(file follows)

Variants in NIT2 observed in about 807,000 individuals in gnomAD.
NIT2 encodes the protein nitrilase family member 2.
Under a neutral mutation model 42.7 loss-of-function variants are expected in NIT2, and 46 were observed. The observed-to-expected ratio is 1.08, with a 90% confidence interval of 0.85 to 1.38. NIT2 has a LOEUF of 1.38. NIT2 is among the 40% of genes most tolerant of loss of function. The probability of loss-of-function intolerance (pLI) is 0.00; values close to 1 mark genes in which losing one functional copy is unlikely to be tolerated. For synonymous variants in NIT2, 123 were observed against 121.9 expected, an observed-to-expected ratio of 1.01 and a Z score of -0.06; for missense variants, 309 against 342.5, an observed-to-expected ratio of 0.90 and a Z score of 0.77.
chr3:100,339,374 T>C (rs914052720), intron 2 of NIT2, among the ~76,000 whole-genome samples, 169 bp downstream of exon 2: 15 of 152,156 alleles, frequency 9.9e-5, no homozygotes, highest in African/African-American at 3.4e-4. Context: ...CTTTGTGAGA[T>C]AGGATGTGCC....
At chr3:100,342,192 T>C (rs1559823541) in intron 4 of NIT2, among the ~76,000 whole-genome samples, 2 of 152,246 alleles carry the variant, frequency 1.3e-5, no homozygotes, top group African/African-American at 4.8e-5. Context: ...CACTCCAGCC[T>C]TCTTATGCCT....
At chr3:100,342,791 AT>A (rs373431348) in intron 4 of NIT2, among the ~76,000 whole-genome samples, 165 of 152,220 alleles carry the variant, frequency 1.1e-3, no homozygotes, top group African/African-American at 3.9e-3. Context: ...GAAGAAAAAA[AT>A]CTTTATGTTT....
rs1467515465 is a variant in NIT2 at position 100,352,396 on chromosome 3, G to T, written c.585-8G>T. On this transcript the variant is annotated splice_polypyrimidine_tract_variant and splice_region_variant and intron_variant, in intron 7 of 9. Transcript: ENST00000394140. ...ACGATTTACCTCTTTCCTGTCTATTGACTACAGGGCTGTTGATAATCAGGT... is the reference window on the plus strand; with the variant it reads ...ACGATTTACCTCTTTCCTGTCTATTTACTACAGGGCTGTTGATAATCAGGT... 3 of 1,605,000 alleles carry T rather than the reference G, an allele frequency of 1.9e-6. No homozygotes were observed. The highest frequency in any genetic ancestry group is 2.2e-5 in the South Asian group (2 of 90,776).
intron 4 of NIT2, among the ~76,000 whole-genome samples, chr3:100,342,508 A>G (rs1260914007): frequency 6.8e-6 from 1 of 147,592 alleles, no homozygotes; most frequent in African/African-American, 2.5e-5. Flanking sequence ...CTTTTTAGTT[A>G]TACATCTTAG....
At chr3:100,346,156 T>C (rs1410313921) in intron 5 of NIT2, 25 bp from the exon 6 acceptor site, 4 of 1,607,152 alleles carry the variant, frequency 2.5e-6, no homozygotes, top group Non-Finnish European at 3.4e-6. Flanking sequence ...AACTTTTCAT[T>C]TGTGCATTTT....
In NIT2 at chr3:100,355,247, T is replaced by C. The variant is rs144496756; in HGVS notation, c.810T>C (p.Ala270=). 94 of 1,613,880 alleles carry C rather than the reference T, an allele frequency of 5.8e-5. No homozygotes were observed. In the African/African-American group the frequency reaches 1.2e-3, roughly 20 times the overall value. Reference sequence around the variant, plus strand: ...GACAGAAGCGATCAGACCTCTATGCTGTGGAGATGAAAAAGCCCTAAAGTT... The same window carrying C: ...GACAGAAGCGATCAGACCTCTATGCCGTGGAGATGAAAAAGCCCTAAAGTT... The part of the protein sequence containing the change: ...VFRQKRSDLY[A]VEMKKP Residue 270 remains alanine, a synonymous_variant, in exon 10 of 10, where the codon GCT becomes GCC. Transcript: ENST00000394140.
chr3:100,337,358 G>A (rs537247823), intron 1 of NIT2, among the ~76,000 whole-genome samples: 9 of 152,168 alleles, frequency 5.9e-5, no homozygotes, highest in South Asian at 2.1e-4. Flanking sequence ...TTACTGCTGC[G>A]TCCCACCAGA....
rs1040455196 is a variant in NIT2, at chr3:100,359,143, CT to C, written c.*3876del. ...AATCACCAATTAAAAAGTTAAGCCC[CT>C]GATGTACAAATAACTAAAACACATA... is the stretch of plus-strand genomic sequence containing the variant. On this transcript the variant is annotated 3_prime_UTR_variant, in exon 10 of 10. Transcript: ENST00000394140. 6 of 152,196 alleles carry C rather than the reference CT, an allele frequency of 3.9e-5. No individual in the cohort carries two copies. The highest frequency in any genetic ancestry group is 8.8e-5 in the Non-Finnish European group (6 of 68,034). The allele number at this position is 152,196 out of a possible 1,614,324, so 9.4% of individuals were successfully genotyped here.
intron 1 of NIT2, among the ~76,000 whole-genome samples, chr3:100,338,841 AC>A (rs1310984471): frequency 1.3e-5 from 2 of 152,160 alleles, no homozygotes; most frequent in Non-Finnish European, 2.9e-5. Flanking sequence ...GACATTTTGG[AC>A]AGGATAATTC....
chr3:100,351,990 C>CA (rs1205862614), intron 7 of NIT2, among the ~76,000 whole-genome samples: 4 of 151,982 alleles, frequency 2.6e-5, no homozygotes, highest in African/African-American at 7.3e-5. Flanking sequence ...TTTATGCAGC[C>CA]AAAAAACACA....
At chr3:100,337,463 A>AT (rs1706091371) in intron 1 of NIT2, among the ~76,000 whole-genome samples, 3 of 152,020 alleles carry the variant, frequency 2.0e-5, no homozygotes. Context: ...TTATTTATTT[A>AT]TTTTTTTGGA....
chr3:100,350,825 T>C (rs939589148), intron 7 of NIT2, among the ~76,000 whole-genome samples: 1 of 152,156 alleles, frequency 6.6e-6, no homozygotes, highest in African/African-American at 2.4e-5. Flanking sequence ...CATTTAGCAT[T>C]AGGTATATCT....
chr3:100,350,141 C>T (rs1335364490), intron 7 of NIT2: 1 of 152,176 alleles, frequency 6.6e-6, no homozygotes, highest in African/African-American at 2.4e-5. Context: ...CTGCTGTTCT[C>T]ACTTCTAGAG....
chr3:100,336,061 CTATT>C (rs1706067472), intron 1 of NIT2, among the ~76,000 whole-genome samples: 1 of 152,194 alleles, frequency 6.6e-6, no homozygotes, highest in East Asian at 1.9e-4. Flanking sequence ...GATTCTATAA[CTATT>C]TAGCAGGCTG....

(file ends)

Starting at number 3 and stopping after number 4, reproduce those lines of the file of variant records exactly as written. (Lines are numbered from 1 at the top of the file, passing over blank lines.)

Under a neutral mutation model 42.7 loss-of-function variants are expected in NIT2, and 46 were observed. The observed-to-expected ratio is 1.08, with a 90% confidence interval of 0.85 to 1.38. NIT2 has a LOEUF of 1.38. NIT2 is among the 40% of genes most tolerant of loss of function. The probability of loss-of-function intolerance (pLI) is 0.00; values close to 1 mark genes in which losing one functional copy is unlikely to be tolerated. For synonymous variants in NIT2, 123 were observed against 121.9 expected, an observed-to-expected ratio of 1.01 and a Z score of -0.06; for missense variants, 309 against 342.5, an observed-to-expected ratio of 0.90 and a Z score of 0.77.
chr3:100,339,374 T>C (rs914052720), intron 2 of NIT2, among the ~76,000 whole-genome samples, 169 bp downstream of exon 2: 15 of 152,156 alleles, frequency 9.9e-5, no homozygotes, highest in African/African-American at 3.4e-4. Context: ...CTTTGTGAGA[T>C]AGGATGTGCC....